A couple of weeks ago, myself and John Duffy completed our series of webinars for the “Suspension Properties Masterclass

Rheology-masterclass

Throughout the series, we have both been very pleased with the large audiences for each webinar, it motivated us to make that little more effort to get the quality content. We discussed a lot of detail about how suspension and dispersions properties can be measured with rotational rheology, and then described how these properties can be controlled and influenced by particle properties, such as particle size, particle shape, size distribution and zeta potential.

Even with this series of five webinars, there is more that we could discuss. It is certainly a big, and varied topic, with a lot of interlinking relationships between the various materials properties. The main aim was to condense these relationships and generalize the trends to help with the understanding of this huge field.

We like to think this is what Malvern Instruments does best. Sure, we make scientific instrumentation for material property characterization which get more powerful, yet simpler to use with each iteration.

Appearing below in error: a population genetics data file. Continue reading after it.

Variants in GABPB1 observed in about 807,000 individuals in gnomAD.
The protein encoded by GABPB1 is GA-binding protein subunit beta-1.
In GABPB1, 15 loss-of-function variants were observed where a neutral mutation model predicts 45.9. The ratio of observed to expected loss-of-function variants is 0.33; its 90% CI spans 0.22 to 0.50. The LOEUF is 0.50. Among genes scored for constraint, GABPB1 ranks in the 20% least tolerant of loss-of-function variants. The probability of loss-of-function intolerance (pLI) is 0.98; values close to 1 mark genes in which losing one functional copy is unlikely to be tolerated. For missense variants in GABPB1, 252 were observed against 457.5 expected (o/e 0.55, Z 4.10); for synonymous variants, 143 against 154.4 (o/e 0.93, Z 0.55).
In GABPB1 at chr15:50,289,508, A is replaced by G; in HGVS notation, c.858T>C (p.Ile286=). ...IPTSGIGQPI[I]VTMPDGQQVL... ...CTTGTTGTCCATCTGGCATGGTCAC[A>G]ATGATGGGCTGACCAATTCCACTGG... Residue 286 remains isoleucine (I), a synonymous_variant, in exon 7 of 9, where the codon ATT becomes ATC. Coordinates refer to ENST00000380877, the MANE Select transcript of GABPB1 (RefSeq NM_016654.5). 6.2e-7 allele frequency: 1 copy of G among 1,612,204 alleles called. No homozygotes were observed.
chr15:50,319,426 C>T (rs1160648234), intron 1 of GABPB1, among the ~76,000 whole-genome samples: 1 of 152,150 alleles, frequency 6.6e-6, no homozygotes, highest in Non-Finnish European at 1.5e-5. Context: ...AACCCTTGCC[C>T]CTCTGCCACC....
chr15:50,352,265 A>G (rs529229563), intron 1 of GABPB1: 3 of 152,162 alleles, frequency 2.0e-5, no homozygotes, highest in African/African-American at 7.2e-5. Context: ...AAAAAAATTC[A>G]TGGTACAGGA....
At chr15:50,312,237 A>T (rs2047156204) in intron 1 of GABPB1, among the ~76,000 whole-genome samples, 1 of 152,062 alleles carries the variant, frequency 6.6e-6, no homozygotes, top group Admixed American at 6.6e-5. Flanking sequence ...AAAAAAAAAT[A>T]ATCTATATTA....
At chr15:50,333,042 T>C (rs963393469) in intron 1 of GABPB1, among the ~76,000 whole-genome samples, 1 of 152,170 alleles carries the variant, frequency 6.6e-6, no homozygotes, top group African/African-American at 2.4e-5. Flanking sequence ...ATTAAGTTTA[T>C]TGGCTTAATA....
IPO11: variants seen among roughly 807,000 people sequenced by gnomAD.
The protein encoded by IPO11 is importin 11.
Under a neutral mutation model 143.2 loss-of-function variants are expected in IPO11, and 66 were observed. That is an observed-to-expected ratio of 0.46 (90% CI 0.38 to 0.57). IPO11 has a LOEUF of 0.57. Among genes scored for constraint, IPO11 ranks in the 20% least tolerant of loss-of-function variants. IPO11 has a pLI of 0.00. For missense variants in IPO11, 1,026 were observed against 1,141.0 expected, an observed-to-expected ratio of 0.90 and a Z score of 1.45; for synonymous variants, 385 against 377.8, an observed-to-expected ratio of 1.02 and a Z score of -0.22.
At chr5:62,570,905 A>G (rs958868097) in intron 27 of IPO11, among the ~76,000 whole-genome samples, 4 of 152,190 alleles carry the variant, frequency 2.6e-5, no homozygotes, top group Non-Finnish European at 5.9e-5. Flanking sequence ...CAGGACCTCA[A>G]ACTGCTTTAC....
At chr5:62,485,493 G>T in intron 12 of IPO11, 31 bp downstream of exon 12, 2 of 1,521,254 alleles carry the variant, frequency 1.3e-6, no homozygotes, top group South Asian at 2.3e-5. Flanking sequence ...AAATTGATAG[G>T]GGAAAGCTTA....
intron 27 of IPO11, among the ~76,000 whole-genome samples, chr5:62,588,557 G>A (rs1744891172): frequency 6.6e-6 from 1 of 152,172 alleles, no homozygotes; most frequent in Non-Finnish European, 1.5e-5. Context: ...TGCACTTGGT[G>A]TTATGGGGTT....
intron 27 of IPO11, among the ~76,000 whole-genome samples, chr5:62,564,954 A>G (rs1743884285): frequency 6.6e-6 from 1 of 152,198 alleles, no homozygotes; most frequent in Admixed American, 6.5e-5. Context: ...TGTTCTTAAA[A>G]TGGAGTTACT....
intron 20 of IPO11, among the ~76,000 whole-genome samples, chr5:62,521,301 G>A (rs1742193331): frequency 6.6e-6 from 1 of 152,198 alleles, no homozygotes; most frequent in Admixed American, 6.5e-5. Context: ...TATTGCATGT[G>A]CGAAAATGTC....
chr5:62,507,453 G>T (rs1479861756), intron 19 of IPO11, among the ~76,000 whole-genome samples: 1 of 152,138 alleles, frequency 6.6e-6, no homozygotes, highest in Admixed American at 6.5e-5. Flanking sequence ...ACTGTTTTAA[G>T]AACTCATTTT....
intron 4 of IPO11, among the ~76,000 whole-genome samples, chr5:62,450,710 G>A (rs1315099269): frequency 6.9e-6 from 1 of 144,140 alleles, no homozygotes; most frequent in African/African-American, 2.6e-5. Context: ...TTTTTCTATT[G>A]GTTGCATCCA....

However, we don’t just sell instruments that give you a series of numbers. With the backup of our sales specialists, application specialists, technical specialists and helpdesk specialists we put these numbers into context. We help describe what these properties mean when related to the use of the sample.

We understand that the results are only important when put into context with your materials.

For those that missed any of the masterclass series, a list of the links can be found here:

1: Influence of particle size and distribution on rheology

2: Influence of particle shape on rheology

3: Influence of zeta potential on rheology

4: Using rheology to assess suspension stability

5: Measurement of yield stress

We had a few interesting questions throughout the masterclass, some which would be worth discussing more. So keep an eye on this blog where we discuss some of these thoughts…

If anyone has any further questions on suspension properties, please do not hesitate to contact John or myself (John.Duffy@malvern.com – Adrian.Hill@malvern.com).